(1) increasing awareness for DuPont science,

(2) increasing positive sentiment for DuPont and

(3) creating stories sufficiently compelling to generate word of mouth.



The DuPont Science Stories campaign was one of three national finalists for the Online Media Marketing and Advertising (OMMA) Best Campaign in Social Media Award 2007.

Here is one of the five videos in the series. You can view all the videos in this series at stories.dupont.com, however, I cannot find any link to this anywhere on the DuPont website. I would like to think that if they hold up a two-year old social media program as a success, they would want to continue to tout that success by providing access to the video. Additionally some of the links no longer work, which is another indication that this campaign has been relegated to the backwater of the DuPont website. If you are presenting a case study of an old program, make sure you check all the links on an old page.




Blogger notes:

Too many industries still consider members of the retail distribution chain to be their customers. The businesses (especially manufacturers) in these industries put most of their marketing budget and effort selling to those who will sell their products. The end-user is almost an afterthought, even though the end-user is the one who creates the demand that retailers fill through ordering the brand the end-user wants.

It does no good if retailers buy your products, but they gather dust on the shelf because there’s no consumer demand – because you didn’t create any.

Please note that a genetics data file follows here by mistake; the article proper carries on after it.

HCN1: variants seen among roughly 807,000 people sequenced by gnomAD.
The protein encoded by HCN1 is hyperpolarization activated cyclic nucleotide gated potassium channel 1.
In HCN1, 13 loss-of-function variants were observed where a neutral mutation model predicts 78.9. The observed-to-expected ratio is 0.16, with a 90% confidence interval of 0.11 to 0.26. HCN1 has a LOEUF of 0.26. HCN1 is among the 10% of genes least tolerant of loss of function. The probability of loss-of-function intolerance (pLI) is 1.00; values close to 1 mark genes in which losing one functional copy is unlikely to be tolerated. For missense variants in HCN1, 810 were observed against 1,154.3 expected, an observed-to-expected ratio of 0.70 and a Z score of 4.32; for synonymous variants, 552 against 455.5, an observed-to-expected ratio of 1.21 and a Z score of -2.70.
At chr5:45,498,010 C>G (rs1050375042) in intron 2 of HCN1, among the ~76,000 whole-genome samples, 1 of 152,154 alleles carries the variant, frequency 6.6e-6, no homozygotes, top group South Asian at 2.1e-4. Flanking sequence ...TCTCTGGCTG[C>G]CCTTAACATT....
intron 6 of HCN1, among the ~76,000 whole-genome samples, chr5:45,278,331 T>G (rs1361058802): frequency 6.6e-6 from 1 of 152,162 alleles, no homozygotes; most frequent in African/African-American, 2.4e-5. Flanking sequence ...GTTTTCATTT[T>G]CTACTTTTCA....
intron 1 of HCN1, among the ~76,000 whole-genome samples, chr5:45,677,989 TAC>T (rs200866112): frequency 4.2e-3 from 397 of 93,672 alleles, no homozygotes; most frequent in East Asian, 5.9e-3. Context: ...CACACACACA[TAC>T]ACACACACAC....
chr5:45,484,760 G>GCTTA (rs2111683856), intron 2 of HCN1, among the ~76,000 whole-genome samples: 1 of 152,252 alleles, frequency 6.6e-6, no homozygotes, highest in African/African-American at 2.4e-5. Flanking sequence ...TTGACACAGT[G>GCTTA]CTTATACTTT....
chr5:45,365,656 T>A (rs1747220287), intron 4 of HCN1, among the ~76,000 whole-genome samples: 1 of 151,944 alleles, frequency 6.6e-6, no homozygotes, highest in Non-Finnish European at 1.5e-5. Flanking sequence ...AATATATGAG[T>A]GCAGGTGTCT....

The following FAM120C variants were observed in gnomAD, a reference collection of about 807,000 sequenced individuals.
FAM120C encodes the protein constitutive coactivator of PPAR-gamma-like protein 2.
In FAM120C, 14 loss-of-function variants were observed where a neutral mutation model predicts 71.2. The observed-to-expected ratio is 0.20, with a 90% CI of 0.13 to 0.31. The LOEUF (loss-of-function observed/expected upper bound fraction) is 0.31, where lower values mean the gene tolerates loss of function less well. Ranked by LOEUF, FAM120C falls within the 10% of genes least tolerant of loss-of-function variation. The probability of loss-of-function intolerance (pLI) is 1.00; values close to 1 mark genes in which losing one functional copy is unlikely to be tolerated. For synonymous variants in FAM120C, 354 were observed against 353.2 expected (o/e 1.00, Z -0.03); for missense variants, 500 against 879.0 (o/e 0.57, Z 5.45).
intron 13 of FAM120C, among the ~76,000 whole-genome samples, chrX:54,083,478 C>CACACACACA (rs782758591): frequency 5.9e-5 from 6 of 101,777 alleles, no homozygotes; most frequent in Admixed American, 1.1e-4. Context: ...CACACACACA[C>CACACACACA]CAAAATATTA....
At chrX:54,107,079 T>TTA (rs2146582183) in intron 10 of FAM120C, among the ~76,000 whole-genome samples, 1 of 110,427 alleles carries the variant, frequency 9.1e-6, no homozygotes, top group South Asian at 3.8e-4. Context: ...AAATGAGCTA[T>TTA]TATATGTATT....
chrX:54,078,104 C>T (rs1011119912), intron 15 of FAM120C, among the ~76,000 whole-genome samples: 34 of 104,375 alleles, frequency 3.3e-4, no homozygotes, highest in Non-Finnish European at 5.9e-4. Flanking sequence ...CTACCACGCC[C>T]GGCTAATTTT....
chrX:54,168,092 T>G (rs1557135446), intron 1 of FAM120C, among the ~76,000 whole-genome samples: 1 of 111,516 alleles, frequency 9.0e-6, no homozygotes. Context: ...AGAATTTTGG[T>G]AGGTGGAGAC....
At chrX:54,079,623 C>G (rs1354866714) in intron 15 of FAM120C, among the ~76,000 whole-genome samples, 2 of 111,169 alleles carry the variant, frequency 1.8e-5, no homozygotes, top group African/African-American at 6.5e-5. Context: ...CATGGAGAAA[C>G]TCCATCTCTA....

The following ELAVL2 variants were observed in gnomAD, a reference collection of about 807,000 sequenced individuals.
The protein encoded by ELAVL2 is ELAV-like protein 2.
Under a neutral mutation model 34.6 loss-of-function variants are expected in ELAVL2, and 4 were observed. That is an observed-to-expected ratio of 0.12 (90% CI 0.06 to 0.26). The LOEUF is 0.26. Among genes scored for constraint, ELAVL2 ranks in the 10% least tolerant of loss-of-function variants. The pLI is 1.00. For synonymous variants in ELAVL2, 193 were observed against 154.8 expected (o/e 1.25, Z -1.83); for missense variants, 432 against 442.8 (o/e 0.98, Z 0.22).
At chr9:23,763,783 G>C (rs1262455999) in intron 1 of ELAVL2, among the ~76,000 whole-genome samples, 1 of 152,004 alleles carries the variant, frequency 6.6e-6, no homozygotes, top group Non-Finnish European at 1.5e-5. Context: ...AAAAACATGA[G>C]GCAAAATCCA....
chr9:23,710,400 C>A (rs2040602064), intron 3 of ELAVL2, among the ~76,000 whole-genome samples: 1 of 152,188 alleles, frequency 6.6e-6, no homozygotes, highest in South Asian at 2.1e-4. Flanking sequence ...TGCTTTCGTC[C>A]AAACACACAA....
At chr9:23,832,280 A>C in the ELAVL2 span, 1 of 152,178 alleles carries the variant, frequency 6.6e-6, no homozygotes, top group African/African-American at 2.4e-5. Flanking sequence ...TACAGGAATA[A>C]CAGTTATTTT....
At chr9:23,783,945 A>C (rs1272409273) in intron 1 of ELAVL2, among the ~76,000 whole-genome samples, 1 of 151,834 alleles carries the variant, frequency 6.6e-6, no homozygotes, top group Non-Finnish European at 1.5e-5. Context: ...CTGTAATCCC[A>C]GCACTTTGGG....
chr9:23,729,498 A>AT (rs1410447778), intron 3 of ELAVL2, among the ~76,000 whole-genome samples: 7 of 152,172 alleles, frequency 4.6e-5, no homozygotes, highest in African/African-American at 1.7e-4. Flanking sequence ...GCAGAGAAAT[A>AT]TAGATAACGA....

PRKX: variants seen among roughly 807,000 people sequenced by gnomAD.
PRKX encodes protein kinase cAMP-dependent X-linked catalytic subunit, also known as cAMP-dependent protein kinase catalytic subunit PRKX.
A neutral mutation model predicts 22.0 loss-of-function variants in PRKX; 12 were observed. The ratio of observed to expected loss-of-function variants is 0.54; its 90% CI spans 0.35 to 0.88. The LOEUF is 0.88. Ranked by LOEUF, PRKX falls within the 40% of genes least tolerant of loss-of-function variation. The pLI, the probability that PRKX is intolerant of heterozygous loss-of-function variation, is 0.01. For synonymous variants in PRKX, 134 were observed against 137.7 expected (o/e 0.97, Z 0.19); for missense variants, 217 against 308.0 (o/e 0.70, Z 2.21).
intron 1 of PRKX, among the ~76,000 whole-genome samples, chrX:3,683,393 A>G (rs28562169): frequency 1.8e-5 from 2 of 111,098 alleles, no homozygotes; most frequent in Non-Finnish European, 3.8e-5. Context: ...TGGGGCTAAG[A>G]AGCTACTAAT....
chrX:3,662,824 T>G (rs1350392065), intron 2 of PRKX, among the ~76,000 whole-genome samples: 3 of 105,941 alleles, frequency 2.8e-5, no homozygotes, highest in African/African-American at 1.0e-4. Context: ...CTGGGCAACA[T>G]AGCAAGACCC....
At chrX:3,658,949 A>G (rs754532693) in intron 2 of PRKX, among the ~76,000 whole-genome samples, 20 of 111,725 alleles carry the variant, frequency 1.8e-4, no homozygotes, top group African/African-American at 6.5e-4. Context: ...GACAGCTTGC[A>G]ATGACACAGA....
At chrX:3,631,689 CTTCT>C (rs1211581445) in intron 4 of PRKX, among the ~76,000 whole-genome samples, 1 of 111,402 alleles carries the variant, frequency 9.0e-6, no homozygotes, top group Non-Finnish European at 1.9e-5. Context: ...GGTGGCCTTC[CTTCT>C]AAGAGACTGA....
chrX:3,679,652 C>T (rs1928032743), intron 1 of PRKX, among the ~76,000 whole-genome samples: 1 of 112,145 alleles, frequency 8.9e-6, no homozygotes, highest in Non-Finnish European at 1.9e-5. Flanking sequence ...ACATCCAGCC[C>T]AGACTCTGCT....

It does no good to compete on price point alone, because someone will always undercut you. Rock-bottom pricing isn’t always the basis of a consumer’s buying decision. Even Wal-Mart is positioning its brand as allowing consumers to “live better.” The mega-retailer is promoting the benefit of its low prices, not the feature of the prices themselves.

The end-user is your customer. So build brand equity by creating awareness and a sense of community among consumers. Talk to them on blogs and social media outlets, but don’t “sell.” Get them to talk to each other about your brand. Meet them at shows and events, and – if you can – sponsor shows and events. Make your Web site an engaging destination for consumers to learn more and communicate.

Worry less about competitors stealing your ideas and beating you to market and more about competitors stealing your market share because they’re better at talking to consumers than you are. It doesn’t matter if that’s the way things have always been done. Things are now being done differently.

CASE STUDY PRESENTATIONS

AXA Insurance company[France]| EVOLUTION

Tronic conceived, directed and animated this spot to address the desire to remain relevant in a constantly advancing world. The spot highlights the rapid evolution of mankind by showcasing an origami man transforming himself into some of the most important inventions throughout history. Ending with a question mark and a resolve on the AXA logo, the spot informs the public that the future is uncertain – but AXA is present now and through any changes to come.